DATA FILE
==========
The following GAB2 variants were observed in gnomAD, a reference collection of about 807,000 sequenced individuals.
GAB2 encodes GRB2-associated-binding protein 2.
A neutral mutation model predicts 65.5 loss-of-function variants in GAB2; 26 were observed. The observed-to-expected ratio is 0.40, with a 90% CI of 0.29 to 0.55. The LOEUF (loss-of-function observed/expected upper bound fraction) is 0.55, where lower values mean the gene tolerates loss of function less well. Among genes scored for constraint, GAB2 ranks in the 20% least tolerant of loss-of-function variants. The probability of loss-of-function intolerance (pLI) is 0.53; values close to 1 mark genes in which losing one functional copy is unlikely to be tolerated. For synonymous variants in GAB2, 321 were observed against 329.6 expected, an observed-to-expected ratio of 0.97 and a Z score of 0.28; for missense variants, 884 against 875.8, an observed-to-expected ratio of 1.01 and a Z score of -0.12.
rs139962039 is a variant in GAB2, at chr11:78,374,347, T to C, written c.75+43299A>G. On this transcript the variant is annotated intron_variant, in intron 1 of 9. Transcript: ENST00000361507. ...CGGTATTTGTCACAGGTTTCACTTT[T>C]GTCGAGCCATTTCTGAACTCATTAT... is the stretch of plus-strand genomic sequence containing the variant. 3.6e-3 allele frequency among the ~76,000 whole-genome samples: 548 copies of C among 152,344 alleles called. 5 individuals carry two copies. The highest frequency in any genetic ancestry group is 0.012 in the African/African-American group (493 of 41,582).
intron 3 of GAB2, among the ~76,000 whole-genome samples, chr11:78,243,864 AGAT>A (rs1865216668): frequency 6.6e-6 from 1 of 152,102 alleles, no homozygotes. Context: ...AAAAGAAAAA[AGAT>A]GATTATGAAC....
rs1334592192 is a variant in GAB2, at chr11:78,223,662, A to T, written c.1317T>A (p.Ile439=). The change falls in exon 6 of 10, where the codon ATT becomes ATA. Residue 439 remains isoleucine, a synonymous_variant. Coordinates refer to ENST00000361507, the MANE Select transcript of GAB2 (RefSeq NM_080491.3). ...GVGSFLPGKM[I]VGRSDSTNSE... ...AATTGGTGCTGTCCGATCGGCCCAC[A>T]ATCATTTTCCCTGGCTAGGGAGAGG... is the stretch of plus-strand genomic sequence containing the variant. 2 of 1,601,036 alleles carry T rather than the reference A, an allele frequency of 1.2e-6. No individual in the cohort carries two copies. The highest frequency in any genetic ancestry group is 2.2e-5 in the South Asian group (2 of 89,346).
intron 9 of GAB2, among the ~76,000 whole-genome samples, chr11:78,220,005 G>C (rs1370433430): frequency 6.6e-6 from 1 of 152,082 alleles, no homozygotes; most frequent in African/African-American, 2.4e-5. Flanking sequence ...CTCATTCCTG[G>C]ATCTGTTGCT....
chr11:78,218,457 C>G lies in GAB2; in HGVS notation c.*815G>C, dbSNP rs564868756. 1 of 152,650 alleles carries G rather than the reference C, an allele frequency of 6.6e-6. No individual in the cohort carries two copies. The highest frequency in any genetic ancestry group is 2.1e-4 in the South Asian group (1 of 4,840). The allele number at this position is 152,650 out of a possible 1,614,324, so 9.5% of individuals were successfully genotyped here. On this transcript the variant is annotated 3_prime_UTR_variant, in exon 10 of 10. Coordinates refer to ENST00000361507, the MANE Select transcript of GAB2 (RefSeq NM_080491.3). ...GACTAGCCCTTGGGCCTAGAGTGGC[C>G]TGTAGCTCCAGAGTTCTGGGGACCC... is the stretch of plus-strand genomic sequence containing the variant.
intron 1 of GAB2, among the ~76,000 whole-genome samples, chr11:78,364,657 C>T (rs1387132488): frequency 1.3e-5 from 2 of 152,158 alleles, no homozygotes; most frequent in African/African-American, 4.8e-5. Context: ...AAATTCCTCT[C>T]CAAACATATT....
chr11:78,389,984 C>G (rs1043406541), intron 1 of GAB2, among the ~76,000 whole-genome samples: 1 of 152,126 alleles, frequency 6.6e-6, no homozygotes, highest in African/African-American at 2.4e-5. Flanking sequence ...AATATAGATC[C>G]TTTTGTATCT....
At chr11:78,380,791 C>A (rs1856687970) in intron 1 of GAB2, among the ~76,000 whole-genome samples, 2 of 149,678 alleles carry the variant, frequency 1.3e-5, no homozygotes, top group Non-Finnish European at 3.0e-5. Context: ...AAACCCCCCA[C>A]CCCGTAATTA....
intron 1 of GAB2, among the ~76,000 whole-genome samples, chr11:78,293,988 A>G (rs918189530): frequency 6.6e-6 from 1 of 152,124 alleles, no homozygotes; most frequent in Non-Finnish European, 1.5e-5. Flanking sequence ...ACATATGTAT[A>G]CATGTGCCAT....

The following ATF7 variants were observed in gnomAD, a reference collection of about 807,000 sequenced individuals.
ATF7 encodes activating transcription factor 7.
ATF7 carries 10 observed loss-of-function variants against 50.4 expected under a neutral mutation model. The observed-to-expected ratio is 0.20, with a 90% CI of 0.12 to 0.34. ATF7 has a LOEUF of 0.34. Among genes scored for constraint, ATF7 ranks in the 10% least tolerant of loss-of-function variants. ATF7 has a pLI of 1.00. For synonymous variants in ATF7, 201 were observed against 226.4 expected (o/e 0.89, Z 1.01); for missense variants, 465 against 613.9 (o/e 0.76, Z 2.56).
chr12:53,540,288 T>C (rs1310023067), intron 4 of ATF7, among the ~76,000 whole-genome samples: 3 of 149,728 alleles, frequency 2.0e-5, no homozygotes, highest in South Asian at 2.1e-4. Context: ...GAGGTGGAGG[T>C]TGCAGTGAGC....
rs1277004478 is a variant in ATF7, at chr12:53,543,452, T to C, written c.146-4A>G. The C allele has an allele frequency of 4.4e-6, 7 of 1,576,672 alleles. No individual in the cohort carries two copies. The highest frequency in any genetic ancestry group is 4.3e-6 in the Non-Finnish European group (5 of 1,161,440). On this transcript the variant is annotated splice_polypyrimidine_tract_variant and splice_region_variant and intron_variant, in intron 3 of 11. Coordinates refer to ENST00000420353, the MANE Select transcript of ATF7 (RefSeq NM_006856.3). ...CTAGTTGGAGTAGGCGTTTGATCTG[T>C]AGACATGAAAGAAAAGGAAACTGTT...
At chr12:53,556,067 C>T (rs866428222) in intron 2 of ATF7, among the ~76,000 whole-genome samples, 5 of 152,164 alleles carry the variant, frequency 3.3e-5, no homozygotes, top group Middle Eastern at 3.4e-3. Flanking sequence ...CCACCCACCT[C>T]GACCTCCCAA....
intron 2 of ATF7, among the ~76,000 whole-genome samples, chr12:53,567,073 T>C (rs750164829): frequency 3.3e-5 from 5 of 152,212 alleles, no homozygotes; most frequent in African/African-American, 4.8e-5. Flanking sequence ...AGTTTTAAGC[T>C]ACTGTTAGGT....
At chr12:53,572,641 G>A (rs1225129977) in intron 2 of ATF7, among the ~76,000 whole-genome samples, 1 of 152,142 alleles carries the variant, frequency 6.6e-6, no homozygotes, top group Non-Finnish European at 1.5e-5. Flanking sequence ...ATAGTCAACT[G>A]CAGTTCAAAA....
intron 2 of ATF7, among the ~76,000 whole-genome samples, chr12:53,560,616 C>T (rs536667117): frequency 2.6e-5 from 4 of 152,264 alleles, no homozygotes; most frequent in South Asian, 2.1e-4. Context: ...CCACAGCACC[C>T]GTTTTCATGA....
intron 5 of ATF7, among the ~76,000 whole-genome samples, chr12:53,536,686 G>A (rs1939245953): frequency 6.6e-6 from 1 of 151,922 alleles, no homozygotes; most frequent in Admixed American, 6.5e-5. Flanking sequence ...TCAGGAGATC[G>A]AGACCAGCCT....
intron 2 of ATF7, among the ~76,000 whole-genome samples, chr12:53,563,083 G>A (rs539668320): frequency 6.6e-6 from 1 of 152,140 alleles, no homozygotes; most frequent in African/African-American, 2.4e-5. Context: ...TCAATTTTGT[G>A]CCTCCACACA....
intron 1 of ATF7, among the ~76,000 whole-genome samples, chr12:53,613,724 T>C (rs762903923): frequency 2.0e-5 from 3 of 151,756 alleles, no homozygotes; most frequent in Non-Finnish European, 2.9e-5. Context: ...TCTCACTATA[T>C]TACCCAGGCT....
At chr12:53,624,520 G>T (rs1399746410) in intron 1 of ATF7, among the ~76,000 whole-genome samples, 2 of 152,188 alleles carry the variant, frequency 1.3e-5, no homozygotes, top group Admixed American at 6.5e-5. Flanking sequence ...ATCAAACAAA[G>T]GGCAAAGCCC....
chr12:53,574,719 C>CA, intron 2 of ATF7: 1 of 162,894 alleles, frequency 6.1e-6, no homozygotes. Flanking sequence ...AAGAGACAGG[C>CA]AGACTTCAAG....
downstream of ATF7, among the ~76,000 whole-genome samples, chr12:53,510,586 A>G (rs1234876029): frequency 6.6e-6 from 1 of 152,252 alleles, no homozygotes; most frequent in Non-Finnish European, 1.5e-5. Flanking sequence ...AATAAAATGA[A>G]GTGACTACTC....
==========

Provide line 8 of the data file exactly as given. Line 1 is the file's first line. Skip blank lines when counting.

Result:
chr11:78,218,457 C>G lies in GAB2; in HGVS notation c.*815G>C, dbSNP rs564868756. 1 of 152,650 alleles carries G rather than the reference C, an allele frequency of 6.6e-6. No individual in the cohort carries two copies. The highest frequency in any genetic ancestry group is 2.1e-4 in the South Asian group (1 of 4,840). The allele number at this position is 152,650 out of a possible 1,614,324, so 9.5% of individuals were successfully genotyped here. On this transcript the variant is annotated 3_prime_UTR_variant, in exon 10 of 10. Coordinates refer to ENST00000361507, the MANE Select transcript of GAB2 (RefSeq NM_080491.3). ...GACTAGCCCTTGGGCCTAGAGTGGC[C>G]TGTAGCTCCAGAGTTCTGGGGACCC... is the stretch of plus-strand genomic sequence containing the variant.